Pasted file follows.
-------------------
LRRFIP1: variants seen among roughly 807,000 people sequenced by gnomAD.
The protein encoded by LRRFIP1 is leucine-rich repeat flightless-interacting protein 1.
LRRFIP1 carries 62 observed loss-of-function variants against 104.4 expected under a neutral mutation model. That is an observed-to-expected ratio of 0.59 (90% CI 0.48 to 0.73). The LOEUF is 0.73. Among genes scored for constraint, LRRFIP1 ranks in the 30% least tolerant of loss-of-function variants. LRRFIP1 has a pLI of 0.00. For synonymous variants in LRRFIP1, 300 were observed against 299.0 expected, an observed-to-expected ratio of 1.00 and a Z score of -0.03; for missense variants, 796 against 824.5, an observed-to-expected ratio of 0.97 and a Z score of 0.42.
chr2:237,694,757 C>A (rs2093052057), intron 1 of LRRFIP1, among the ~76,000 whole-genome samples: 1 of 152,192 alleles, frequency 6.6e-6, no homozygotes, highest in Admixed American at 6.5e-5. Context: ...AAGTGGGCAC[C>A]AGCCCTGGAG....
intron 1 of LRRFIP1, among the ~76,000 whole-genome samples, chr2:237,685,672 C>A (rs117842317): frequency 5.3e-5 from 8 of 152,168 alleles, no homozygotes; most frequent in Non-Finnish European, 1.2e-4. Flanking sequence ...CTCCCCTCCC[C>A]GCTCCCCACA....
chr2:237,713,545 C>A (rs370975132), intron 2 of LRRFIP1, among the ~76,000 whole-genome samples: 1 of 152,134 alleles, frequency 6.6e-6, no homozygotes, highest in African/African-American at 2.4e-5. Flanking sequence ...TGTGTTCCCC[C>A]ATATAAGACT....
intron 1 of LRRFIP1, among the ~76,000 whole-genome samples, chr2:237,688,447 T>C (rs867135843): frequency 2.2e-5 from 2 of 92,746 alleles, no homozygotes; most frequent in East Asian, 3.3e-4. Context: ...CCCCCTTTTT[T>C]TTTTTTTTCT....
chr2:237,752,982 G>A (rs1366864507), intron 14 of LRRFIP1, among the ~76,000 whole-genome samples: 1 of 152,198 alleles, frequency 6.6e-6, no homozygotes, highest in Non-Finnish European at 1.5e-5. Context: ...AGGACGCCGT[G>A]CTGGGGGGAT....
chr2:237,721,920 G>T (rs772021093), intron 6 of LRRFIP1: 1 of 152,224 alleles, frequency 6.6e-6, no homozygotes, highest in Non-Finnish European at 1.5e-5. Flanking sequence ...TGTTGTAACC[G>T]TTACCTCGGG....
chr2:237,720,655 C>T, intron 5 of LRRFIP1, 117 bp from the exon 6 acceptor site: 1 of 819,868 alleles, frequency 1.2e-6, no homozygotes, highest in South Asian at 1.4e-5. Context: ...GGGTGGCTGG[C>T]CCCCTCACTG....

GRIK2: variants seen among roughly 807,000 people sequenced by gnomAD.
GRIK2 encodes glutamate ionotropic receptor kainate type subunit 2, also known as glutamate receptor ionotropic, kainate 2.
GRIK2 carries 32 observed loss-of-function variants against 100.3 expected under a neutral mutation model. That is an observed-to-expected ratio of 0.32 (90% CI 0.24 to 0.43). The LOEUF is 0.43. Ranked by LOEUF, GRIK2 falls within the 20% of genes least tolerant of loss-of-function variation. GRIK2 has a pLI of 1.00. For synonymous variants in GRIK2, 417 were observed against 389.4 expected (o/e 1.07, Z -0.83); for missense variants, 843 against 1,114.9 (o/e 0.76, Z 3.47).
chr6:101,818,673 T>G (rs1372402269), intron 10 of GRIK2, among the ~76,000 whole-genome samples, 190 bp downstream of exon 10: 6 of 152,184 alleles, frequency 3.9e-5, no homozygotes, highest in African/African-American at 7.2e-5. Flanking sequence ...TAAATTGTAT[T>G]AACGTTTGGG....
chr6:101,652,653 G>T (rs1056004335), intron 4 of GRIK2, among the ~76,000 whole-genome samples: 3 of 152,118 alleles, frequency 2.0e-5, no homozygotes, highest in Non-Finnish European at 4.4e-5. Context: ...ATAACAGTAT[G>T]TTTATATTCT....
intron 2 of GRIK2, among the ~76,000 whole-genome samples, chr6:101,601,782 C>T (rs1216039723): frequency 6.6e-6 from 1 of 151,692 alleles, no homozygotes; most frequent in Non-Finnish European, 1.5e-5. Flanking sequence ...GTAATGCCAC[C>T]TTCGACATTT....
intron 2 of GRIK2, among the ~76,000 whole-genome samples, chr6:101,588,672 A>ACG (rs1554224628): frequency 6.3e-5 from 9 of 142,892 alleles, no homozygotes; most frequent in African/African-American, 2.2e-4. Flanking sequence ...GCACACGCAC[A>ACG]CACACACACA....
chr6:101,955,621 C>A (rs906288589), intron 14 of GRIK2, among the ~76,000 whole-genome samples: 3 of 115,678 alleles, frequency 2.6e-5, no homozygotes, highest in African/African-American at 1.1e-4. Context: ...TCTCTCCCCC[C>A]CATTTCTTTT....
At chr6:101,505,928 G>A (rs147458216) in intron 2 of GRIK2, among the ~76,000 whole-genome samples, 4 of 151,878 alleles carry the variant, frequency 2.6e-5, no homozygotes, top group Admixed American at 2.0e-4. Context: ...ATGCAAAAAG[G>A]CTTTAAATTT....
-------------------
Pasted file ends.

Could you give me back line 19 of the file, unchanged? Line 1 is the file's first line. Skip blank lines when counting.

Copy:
At chr6:101,505,928 G>A (rs147458216) in intron 2 of GRIK2, among the ~76,000 whole-genome samples, 4 of 151,878 alleles carry the variant, frequency 2.6e-5, no homozygotes, top group Admixed American at 2.0e-4. Context: ...ATGCAAAAAG[G>A]CTTTAAATTT....